officials Wednesday cited a litany of practical hurdles that must be
overcome as they took the first steps toward establishing a policy to
treat e-mails, text messages and other electronic communications about
government business on their personal cell phones or computers as
public records," reports John Woolfolk for the San Jose Mercury News.

Councilman Pete Constant, a prolific text
massager and Facebooker, noted for example that after checking with
AT&T, he found there is no way for him to export text messages from
his personal iPhone to his official city e-mail system, where anyone
could retrieve them under a public records request.
"We have to
be careful how we look at the limits of technology as well as the
expansion of technology," said Constant, who represents West San Jose.

new policy will address what government watchdogs say is a growing
national concern as elected officials embrace new technology and
communicate with constituents on personal computers, cell phones and
social networking sites that can put discussions about government
policy out of reach from public records requests.

San Jose has
adhered to most California cities' position that for both practical and
privacy reasons, only records stored and maintained on official
government networks are public. Government watchdogs argue that any
record concerning government business is public, regardless of the
format. The matter has yet to be settled by the courts.

After a Mercury News article in August thatcited
evidence of at least one lobbyist text-messaging thoughts on a land-use
discussion to a council member during a meeting, Mayor Chuck Reed and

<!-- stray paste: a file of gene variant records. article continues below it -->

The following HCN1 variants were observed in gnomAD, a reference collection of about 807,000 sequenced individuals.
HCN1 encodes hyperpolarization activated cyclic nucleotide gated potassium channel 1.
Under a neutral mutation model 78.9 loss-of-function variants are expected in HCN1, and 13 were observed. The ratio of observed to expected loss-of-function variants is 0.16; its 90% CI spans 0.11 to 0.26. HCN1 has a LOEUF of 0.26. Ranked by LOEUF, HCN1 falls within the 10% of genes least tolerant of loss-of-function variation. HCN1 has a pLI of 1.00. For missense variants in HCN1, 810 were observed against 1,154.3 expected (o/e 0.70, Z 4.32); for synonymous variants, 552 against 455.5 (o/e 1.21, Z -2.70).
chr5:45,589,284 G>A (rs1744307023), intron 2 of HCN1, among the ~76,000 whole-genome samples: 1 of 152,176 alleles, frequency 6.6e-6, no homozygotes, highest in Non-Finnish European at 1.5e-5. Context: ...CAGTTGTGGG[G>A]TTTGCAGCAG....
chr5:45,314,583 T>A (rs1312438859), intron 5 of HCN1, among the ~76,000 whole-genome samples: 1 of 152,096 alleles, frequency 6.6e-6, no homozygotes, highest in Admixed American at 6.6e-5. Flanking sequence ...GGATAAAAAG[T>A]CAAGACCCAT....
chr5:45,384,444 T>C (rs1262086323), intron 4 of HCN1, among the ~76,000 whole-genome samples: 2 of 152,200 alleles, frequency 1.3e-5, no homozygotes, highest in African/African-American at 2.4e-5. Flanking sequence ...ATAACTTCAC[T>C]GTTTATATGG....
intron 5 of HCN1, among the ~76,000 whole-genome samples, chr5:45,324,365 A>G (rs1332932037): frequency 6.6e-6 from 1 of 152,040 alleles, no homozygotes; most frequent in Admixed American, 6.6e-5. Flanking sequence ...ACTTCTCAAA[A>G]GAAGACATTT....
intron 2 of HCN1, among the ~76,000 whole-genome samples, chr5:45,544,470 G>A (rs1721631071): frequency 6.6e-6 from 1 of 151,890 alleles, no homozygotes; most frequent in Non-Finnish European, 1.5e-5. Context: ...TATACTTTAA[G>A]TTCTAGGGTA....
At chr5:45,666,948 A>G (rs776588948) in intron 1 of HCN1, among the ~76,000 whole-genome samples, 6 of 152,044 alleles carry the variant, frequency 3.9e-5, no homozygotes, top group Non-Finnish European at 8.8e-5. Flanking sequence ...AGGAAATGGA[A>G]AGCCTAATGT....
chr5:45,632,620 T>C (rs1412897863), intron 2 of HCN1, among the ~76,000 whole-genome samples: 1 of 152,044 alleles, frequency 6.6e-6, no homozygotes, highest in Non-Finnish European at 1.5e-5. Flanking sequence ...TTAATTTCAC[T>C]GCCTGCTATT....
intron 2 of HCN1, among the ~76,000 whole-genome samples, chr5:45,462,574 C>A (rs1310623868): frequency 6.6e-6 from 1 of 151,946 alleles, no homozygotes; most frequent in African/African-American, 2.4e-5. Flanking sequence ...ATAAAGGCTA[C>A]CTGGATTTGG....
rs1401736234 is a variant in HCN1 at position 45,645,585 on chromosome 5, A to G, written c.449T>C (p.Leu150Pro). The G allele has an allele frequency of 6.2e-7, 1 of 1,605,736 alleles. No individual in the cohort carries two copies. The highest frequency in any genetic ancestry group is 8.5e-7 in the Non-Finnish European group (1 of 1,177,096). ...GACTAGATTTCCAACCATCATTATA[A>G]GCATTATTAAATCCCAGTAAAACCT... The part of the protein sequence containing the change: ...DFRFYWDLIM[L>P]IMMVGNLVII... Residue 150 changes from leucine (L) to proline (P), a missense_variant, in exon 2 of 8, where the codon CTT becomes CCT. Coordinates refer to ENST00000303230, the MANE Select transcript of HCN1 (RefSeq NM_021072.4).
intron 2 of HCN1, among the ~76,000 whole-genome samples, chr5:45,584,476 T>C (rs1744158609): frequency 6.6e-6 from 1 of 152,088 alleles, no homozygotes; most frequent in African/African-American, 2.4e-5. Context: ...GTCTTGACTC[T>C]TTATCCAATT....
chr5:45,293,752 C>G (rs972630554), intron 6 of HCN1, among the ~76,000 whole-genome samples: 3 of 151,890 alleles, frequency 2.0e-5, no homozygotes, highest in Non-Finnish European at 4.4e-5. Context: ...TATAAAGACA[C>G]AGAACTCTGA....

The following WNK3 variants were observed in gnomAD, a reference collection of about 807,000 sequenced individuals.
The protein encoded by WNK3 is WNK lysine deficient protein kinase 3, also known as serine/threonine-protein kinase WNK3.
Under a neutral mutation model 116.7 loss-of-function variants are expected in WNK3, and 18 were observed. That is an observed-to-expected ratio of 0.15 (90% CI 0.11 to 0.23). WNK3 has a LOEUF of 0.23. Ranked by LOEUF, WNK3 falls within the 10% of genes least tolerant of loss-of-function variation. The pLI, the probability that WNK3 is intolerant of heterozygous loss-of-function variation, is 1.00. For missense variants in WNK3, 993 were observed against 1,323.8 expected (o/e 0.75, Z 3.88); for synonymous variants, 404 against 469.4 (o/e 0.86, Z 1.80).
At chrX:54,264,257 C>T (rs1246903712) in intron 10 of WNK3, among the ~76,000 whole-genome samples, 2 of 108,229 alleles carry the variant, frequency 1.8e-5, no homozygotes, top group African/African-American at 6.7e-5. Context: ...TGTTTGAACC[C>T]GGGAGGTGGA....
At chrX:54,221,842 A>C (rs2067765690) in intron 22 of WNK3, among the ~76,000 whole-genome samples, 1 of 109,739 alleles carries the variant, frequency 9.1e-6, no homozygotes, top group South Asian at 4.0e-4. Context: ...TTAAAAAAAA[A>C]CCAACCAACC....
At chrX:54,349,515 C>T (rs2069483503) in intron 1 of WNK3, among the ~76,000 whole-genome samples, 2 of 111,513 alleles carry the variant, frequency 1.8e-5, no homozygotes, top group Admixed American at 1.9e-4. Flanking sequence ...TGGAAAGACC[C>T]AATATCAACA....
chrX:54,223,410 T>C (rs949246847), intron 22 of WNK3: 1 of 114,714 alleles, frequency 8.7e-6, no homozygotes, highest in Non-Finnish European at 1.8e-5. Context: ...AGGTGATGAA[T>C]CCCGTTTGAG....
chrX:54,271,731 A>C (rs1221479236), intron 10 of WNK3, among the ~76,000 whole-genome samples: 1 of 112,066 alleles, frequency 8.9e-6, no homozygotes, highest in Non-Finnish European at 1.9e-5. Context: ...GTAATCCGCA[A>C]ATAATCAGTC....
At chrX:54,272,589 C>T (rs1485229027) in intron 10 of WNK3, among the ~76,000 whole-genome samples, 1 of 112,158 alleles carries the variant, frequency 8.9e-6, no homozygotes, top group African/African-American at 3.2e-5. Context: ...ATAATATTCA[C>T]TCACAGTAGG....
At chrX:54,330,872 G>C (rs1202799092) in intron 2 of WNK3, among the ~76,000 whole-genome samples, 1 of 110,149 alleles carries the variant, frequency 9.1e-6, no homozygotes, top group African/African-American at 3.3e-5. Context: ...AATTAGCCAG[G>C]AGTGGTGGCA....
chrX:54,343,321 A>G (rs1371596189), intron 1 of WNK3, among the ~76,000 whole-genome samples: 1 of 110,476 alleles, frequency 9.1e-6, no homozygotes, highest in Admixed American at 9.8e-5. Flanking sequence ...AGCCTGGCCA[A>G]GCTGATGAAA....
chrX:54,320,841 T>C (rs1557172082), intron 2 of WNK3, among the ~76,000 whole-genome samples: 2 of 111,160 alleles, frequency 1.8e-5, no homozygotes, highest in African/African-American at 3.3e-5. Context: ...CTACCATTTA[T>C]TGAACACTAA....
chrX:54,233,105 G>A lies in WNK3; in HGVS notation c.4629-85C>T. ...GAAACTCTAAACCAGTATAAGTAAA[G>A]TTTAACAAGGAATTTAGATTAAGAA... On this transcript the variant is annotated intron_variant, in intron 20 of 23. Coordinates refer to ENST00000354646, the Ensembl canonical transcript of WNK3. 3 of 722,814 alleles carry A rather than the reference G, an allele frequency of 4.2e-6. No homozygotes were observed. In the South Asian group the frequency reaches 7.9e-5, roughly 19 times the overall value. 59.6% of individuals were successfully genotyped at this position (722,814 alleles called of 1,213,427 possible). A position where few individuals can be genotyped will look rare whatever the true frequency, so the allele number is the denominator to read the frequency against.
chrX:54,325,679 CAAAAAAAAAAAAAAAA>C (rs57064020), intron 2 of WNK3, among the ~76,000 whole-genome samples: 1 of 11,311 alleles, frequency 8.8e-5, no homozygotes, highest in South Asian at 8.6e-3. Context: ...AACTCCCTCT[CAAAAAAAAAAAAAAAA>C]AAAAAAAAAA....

the City Council agreed to pursue a policymaking personal electronic
communications about official matters public.

Wednesday, an
open-government committee chaired by Reed laid out issues that the city
attorney and administration will have to consider in drafting an
effective policy. A draft policy is expected to go back to the council
in November.

Reed said San Jose may want to consider the approach
taken by the city of Saratoga, one of a few to aggressively confront
the issue. Saratoga recently required all its council members and
planning commissioners to use city e-mail for official business. The
city also now prohibits text messaging and e-mailing during public

Saratoga Mayor Chuck Page said his city was spurred by
concerns about how to respond to a public records request or a court
subpoena for records from personal devices. Page also was concerned
about a public perception that council members were being distracted by
texts and e-mails during meetings.
"We owe it to our citizens to pay 100-percent attention," Page said.

San Jose City Councilwoman Nancy Pyle said the Saratoga policy made a lot of sense."We're
there to do the public's business," said Pyle, who represents the
Almaden and Blossom valleys. "I really find it difficult to understand
why we need our cell phones there."